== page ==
Qatar delivers millions in desperately needed aid to Gaza, promises to help solve electricity crisis

Qatar delivers millions in desperately needed aid to Gaza, promises to help solve electricity crisis
3 min read
17 June, 2019
A Qatari delegation headed by Mohammed al-Emadi brought $20 million in cash to the Gaza strip on Sunday.
Palestinians will receive the aid in $100 installments [NurPhoto/Getty]

Qatari delegation delivered $20 million in cash to the Gaza Strip on Sunday, with the aim of also pushing for a project to build a new power line from Israel to the besieged coastal territory.

Qatar is looking to meet Gaza's energy requirements by funding a new power line costing $11 million a month, taking over from the Palestinian Authority which stopped footing the strip's electricity bill last year.

The powerline would carry 100 megawatts of energy, claimed a Kan news report, and take three years to complete.

The Qatari delegation, headed by the chief of Qatar's National Committee for the Reconstruction of Gaza, Mohammed al-Emadi, brought the $20 million aid injection. It will be handed out in installments of $100 dollars to 108,000 families, Haaretz reported, with the rest of the money going towards electricity and humanitarian projects.

An agreement reached in January allocated a total of $400 pounds to famillies, to be received in four installments.

Qatar said it had allocated $480 million in aid to the cash-strapped PA to support education and health services and provide urgent humanitarian relief in May.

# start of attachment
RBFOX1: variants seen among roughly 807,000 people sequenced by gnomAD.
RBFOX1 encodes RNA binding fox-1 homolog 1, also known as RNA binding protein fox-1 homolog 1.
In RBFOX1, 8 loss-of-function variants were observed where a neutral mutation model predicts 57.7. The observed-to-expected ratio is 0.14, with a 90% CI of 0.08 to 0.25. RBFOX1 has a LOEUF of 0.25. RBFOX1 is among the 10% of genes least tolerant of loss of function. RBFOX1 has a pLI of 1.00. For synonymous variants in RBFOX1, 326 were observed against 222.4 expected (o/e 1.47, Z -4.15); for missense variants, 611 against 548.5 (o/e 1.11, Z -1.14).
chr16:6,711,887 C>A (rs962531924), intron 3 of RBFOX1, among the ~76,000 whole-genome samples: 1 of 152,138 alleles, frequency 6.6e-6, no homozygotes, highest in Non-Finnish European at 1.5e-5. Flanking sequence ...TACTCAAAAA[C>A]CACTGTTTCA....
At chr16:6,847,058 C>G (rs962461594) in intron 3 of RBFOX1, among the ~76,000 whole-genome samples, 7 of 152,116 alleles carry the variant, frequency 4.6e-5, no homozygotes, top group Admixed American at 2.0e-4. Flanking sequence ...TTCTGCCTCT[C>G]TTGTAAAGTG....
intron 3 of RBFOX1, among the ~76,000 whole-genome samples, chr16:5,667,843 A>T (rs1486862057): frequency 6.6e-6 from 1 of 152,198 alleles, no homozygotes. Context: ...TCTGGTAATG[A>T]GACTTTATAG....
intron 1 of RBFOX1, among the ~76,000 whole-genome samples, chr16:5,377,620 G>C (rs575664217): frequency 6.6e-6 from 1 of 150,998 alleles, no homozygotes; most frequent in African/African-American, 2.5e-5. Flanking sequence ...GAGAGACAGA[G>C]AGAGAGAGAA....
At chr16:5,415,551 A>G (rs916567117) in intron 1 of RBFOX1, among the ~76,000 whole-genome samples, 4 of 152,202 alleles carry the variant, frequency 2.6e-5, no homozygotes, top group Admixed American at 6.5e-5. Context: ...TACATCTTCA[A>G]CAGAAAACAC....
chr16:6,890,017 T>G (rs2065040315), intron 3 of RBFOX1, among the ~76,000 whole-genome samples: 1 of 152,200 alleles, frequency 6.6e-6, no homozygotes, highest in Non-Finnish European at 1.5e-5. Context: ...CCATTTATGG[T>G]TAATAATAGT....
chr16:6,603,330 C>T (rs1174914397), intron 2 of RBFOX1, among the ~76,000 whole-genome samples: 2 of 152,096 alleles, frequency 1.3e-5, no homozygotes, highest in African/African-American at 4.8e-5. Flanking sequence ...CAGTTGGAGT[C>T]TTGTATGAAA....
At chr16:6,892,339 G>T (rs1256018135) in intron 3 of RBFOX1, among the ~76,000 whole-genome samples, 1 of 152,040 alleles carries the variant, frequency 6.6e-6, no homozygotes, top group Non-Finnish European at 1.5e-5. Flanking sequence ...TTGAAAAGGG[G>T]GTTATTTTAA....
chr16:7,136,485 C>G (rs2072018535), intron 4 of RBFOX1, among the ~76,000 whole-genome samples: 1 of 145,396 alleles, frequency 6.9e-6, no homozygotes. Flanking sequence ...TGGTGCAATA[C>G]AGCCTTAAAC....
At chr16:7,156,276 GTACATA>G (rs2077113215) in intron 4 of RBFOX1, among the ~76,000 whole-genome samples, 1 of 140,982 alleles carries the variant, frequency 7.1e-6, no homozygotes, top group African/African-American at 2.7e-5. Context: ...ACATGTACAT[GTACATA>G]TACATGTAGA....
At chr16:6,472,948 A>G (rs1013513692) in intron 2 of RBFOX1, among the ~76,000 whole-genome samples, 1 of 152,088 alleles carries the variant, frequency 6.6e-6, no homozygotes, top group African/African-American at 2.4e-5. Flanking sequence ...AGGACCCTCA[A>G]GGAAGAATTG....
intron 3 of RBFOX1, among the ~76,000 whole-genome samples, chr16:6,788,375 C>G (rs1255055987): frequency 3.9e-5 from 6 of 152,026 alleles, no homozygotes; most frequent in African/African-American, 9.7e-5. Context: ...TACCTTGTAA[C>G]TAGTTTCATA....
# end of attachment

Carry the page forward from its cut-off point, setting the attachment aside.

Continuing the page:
In November, Qatar pledged to send $15 million to Gaza monthly as part of an informal agreement between Israel and Gaza's Islamist rulers Hamas.

Under that deal Israel allowed the grants to go through its territory in exchange for relative calm on the Gaza border.

The aid comes after a serious flare-up in Gaza - the most serious since the 2014 war. The May escalation began when Israel killed four Palestinians during a demonstration in Gaza, triggering a round of Palestinian rocket fire and retaliatory Israeli airstrikes on the besieged enclave.

Among the 24 Palestinian casualties were a pregnant Palestinian mother and her baby, while four civilians in Israel were killed.

Cash-strapped PA

The PA led by President Mahmoud Abbas has been hit by the cutting of two of its leading sources of revenues.

Washington has ended all bilateral US aid in response to the Palestinians' severing of contacts after it recognised the disputed city of Jerusalem as Israel's capital in 2017.

A row with Israel has meanwhile led to a halt to transfers of customs duties it levies on goods destined for Palestinian markets.

In February, Israel decided to deduct around $10 million a month from customs receipts it transfers to the Palestinians, corresponding to the amount it said they paid families of prisoners or directly to inmates serving time in Israeli jails.

The Palestinians responded by saying they would refuse any funds where unilateral deductions had been made.

Israel sees the payments to those who have carried out attacks against Israelis as encouraging further violence.

The Palestinian Authority describes the payments as a form of welfare, while the Palestinian public regards prisoners jailed by Israel as national heroes.

Gas-rich Qatar is a major aid donor to the Palestinians, both to Abbas's West Bank-based Palestinian Authority and to the rival Gaza administration of Islamist group Hamas.

The impoverished strip, which has a population of around two million, has been under a crippling Israeli blockade for more than a decade.

Residents receive on average only four hours of electricity a day, and the unemployment rate is one of the world's highest.

Agencies contributed to this report.

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